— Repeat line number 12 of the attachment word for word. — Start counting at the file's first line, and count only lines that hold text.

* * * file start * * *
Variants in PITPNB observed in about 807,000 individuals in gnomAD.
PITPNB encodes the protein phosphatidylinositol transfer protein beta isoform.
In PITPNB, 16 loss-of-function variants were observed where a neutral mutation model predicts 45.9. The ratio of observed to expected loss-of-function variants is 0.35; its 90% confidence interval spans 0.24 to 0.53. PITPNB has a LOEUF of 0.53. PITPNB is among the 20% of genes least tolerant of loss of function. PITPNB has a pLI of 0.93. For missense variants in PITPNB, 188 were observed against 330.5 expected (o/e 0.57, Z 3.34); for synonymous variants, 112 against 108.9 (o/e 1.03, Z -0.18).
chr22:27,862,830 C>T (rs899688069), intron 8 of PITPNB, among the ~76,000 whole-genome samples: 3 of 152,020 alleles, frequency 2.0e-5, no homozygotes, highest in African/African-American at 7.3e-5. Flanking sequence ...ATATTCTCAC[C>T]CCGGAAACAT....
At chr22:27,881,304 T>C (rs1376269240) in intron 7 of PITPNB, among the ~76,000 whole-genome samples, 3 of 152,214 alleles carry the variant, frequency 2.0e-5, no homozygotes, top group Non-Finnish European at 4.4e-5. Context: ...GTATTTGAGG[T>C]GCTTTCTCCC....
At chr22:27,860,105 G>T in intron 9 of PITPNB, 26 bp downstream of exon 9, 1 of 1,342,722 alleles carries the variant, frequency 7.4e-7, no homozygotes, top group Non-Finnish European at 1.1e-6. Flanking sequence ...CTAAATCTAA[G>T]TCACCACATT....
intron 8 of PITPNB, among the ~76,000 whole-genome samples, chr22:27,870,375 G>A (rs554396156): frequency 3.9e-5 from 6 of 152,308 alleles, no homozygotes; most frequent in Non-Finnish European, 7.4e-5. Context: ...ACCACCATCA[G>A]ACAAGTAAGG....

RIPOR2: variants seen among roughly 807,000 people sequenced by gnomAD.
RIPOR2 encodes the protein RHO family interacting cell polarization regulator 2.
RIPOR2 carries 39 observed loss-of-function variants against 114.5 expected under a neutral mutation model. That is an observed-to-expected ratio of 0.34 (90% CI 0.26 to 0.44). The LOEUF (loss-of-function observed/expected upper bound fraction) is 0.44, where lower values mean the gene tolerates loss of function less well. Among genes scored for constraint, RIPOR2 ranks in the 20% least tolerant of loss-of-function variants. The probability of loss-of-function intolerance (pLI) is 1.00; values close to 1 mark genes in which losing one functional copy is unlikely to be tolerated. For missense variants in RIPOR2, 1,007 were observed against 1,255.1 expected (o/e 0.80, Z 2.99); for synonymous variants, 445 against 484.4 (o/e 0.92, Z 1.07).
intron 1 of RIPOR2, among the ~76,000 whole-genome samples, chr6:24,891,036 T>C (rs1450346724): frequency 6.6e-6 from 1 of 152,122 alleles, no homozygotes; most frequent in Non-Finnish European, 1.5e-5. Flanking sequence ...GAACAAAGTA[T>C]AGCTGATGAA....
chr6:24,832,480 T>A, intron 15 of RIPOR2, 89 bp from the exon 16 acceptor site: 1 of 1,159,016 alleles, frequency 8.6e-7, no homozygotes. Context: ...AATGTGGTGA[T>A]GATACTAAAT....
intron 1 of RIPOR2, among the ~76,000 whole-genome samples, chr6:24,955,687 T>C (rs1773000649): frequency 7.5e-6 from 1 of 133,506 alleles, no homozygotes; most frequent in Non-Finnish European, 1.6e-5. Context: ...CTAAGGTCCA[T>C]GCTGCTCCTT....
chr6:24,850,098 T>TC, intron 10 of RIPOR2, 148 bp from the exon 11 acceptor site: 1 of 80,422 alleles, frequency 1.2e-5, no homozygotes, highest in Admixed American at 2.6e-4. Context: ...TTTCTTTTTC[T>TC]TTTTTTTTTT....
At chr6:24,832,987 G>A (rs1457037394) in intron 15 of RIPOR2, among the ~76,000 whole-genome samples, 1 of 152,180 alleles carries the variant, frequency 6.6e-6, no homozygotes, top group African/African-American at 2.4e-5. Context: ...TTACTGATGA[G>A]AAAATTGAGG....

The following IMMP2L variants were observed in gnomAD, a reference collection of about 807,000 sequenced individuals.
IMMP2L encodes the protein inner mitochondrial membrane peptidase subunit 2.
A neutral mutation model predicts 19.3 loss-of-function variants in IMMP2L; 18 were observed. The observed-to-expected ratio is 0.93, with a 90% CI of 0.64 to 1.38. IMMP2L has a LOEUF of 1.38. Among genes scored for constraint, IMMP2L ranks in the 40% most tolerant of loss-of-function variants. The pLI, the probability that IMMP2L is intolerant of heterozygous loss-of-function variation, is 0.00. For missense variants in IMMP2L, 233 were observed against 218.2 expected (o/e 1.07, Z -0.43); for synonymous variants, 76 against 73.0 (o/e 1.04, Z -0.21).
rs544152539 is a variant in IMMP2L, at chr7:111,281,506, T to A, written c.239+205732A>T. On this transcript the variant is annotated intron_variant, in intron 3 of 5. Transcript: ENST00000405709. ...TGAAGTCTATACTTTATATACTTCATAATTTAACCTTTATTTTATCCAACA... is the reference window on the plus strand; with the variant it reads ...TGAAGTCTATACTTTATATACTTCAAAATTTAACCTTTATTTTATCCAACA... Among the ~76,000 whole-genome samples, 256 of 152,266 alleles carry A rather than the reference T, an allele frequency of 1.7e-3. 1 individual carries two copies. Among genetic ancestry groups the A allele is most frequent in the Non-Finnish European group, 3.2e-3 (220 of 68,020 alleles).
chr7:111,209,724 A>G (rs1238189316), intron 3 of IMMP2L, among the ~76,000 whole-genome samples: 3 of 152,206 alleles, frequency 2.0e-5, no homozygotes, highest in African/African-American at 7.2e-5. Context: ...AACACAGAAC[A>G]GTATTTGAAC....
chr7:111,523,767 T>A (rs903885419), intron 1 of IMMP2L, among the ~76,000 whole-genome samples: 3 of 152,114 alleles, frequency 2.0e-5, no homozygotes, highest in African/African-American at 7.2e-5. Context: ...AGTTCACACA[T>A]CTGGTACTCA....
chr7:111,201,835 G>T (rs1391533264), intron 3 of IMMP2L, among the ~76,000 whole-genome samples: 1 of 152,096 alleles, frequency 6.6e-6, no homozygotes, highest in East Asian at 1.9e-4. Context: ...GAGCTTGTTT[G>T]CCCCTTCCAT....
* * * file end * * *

chr6:24,832,480 T>A, intron 15 of RIPOR2, 89 bp from the exon 16 acceptor site: 1 of 1,159,016 alleles, frequency 8.6e-7, no homozygotes. Context: ...AATGTGGTGA[T>A]GATACTAAAT....